Crisp, refreshing, effervescent soda has long been an American favorite but not for its nutritional value. According to University of the Sciences in Philadelphia’s Ara DerMarderosian, PhD, professor of pharmacognosy, a few leading soft drink companies are trying to change the public’s perception of soda by adding vitamins to their soft drinks. But consumers beware—the perceived benefits of vitamins in soda can be deceiving.
“The shelf life and stability of vitamins in soda is low,” said Dr. DerMarderosian. “Carbonated drinks are mildly acidic, and water-soluble vitamins will break down over time.”
Several sodas are being marketing which contain vitamins and minerals such as Niacin (vitamin B3), vitamins B6, B12, zinc, and magnesium. But unlike encapsulated vitamins, which are designed to have prolonged shelf lives and precise nutritional values, it is uncertain how long water-soluble vitamins will last in soda.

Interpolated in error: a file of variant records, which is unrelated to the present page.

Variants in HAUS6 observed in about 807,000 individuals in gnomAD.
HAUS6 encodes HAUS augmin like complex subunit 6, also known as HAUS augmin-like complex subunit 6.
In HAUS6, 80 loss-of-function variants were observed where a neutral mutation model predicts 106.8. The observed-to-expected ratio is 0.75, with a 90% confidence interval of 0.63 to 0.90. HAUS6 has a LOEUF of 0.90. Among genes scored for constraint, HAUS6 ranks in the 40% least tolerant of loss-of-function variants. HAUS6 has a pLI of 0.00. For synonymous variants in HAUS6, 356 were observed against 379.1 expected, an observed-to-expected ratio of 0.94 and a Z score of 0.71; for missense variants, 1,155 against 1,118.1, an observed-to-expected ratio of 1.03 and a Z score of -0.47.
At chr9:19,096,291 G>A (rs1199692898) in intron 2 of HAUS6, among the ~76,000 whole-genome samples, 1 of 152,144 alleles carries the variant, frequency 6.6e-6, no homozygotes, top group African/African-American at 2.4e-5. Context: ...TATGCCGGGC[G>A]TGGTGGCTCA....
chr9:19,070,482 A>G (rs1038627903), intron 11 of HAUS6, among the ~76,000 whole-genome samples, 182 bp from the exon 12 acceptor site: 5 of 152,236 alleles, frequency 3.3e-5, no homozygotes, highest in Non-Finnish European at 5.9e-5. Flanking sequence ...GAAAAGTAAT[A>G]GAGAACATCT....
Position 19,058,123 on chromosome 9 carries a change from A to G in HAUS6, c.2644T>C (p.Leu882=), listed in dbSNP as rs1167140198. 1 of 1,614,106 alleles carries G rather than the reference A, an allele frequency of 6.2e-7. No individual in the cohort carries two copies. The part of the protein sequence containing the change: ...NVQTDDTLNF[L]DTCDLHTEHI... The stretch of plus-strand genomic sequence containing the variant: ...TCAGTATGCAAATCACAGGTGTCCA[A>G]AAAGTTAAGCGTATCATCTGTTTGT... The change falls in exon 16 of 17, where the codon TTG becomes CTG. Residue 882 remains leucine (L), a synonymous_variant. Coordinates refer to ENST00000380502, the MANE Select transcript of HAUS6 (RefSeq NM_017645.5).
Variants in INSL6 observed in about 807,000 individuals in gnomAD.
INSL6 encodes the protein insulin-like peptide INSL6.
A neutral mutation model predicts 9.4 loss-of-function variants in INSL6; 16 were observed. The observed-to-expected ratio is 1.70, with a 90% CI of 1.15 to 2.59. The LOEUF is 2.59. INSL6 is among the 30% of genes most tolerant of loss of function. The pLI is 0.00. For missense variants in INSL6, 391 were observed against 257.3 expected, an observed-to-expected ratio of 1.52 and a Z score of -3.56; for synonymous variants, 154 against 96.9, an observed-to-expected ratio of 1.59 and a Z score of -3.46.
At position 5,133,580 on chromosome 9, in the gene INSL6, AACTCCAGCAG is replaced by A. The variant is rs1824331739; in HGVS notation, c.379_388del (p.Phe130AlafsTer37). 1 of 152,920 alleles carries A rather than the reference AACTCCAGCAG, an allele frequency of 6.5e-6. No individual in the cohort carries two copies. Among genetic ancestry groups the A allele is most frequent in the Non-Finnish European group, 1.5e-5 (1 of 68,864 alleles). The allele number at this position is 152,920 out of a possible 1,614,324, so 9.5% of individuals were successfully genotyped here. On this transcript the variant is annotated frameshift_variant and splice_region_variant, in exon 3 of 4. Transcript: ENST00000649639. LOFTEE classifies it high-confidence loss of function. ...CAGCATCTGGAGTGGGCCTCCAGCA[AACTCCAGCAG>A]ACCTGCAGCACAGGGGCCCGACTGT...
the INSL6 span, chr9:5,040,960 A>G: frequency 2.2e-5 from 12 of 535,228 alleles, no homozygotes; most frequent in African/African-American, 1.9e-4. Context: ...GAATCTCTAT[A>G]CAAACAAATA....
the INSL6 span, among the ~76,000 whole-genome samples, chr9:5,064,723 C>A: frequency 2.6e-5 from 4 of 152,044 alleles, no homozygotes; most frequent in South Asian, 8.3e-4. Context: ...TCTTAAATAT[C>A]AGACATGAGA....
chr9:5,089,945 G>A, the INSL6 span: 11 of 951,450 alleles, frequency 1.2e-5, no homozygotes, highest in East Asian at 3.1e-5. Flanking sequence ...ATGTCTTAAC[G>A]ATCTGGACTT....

According to Dr. DerMarderosian, vitamins in soda will break down at a faster rate when the beverage is not refrigerated. Since the journey from production to the customer can be lengthy, it is likely that the vitamin values listed on the side of the can or bottle are significantly lower by the time the soda is consumed. Moreover, he added that the vitamin concentrations in sodas are usually minute, and certainly not high enough to make soda the sole source. “If you’re trying to get your vitamins from soda you’ll probably spend a lot of money, and still not get significant amounts,” he said.
So how can you get these vitamins and minerals in your daily diet? “Make your own healthy drinks from scratch, like orange juice or green tea,” recommended Dr. DerMarderosian. “And eat fruits and vegetables along with a variety of meats and fish which contain the essential nutrients you need to reach the recommended daily values.”